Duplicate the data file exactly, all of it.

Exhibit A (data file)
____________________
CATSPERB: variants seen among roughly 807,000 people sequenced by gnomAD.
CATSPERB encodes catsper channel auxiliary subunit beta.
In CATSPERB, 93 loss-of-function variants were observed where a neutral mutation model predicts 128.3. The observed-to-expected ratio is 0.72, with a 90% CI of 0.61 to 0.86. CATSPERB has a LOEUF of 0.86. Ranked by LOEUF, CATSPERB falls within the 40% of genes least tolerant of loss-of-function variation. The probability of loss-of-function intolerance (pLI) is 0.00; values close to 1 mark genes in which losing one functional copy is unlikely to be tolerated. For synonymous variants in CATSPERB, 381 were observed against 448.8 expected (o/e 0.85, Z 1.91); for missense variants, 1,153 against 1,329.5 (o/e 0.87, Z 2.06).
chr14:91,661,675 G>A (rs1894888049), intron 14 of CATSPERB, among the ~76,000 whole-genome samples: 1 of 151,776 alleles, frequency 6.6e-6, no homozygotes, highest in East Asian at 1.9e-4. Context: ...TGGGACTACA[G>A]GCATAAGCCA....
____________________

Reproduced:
CATSPERB: variants seen among roughly 807,000 people sequenced by gnomAD.
CATSPERB encodes catsper channel auxiliary subunit beta.
In CATSPERB, 93 loss-of-function variants were observed where a neutral mutation model predicts 128.3. The observed-to-expected ratio is 0.72, with a 90% CI of 0.61 to 0.86. CATSPERB has a LOEUF of 0.86. Ranked by LOEUF, CATSPERB falls within the 40% of genes least tolerant of loss-of-function variation. The probability of loss-of-function intolerance (pLI) is 0.00; values close to 1 mark genes in which losing one functional copy is unlikely to be tolerated. For synonymous variants in CATSPERB, 381 were observed against 448.8 expected (o/e 0.85, Z 1.91); for missense variants, 1,153 against 1,329.5 (o/e 0.87, Z 2.06).
chr14:91,661,675 G>A (rs1894888049), intron 14 of CATSPERB, among the ~76,000 whole-genome samples: 1 of 151,776 alleles, frequency 6.6e-6, no homozygotes, highest in East Asian at 1.9e-4. Context: ...TGGGACTACA[G>A]GCATAAGCCA....